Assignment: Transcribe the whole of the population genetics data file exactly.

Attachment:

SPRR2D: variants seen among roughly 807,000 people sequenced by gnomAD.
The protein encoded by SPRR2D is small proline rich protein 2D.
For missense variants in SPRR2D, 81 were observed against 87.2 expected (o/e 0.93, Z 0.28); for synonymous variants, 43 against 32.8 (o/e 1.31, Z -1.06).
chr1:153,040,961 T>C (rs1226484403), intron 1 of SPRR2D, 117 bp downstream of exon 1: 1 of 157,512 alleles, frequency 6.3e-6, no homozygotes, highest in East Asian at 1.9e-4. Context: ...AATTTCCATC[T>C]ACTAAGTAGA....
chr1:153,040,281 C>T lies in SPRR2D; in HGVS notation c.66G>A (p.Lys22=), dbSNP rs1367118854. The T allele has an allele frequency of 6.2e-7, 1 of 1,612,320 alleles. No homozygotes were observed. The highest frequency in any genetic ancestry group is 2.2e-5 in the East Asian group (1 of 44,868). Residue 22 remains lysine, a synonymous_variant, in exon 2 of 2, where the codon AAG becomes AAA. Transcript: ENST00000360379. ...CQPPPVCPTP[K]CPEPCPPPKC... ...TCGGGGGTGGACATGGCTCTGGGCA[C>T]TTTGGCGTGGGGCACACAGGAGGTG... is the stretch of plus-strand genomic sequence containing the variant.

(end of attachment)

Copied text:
SPRR2D: variants seen among roughly 807,000 people sequenced by gnomAD.
The protein encoded by SPRR2D is small proline rich protein 2D.
For missense variants in SPRR2D, 81 were observed against 87.2 expected (o/e 0.93, Z 0.28); for synonymous variants, 43 against 32.8 (o/e 1.31, Z -1.06).
chr1:153,040,961 T>C (rs1226484403), intron 1 of SPRR2D, 117 bp downstream of exon 1: 1 of 157,512 alleles, frequency 6.3e-6, no homozygotes, highest in East Asian at 1.9e-4. Context: ...AATTTCCATC[T>C]ACTAAGTAGA....
chr1:153,040,281 C>T lies in SPRR2D; in HGVS notation c.66G>A (p.Lys22=), dbSNP rs1367118854. The T allele has an allele frequency of 6.2e-7, 1 of 1,612,320 alleles. No homozygotes were observed. The highest frequency in any genetic ancestry group is 2.2e-5 in the East Asian group (1 of 44,868). Residue 22 remains lysine, a synonymous_variant, in exon 2 of 2, where the codon AAG becomes AAA. Transcript: ENST00000360379. ...CQPPPVCPTP[K]CPEPCPPPKC... ...TCGGGGGTGGACATGGCTCTGGGCA[C>T]TTTGGCGTGGGGCACACAGGAGGTG... is the stretch of plus-strand genomic sequence containing the variant.